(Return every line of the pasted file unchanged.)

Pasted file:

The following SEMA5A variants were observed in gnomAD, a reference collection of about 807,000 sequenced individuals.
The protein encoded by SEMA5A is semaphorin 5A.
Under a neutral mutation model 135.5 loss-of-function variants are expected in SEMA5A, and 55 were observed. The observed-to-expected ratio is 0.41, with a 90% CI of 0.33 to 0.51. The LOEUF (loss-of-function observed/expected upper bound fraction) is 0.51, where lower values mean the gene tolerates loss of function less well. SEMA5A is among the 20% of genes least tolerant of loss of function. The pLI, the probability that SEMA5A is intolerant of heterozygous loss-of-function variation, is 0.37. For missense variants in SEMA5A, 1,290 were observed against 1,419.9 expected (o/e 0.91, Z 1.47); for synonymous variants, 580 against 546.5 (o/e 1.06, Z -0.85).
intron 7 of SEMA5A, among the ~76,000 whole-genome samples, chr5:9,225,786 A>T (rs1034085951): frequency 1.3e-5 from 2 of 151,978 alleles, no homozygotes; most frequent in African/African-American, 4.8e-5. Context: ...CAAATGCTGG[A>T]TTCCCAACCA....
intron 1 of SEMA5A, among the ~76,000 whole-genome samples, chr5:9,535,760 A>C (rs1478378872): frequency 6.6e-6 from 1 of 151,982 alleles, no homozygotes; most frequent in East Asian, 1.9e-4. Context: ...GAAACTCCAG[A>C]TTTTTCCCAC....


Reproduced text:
The following SEMA5A variants were observed in gnomAD, a reference collection of about 807,000 sequenced individuals.
The protein encoded by SEMA5A is semaphorin 5A.
Under a neutral mutation model 135.5 loss-of-function variants are expected in SEMA5A, and 55 were observed. The observed-to-expected ratio is 0.41, with a 90% CI of 0.33 to 0.51. The LOEUF (loss-of-function observed/expected upper bound fraction) is 0.51, where lower values mean the gene tolerates loss of function less well. SEMA5A is among the 20% of genes least tolerant of loss of function. The pLI, the probability that SEMA5A is intolerant of heterozygous loss-of-function variation, is 0.37. For missense variants in SEMA5A, 1,290 were observed against 1,419.9 expected (o/e 0.91, Z 1.47); for synonymous variants, 580 against 546.5 (o/e 1.06, Z -0.85).
intron 7 of SEMA5A, among the ~76,000 whole-genome samples, chr5:9,225,786 A>T (rs1034085951): frequency 1.3e-5 from 2 of 151,978 alleles, no homozygotes; most frequent in African/African-American, 4.8e-5. Context: ...CAAATGCTGG[A>T]TTCCCAACCA....
intron 1 of SEMA5A, among the ~76,000 whole-genome samples, chr5:9,535,760 A>C (rs1478378872): frequency 6.6e-6 from 1 of 151,982 alleles, no homozygotes; most frequent in East Asian, 1.9e-4. Context: ...GAAACTCCAG[A>C]TTTTTCCCAC....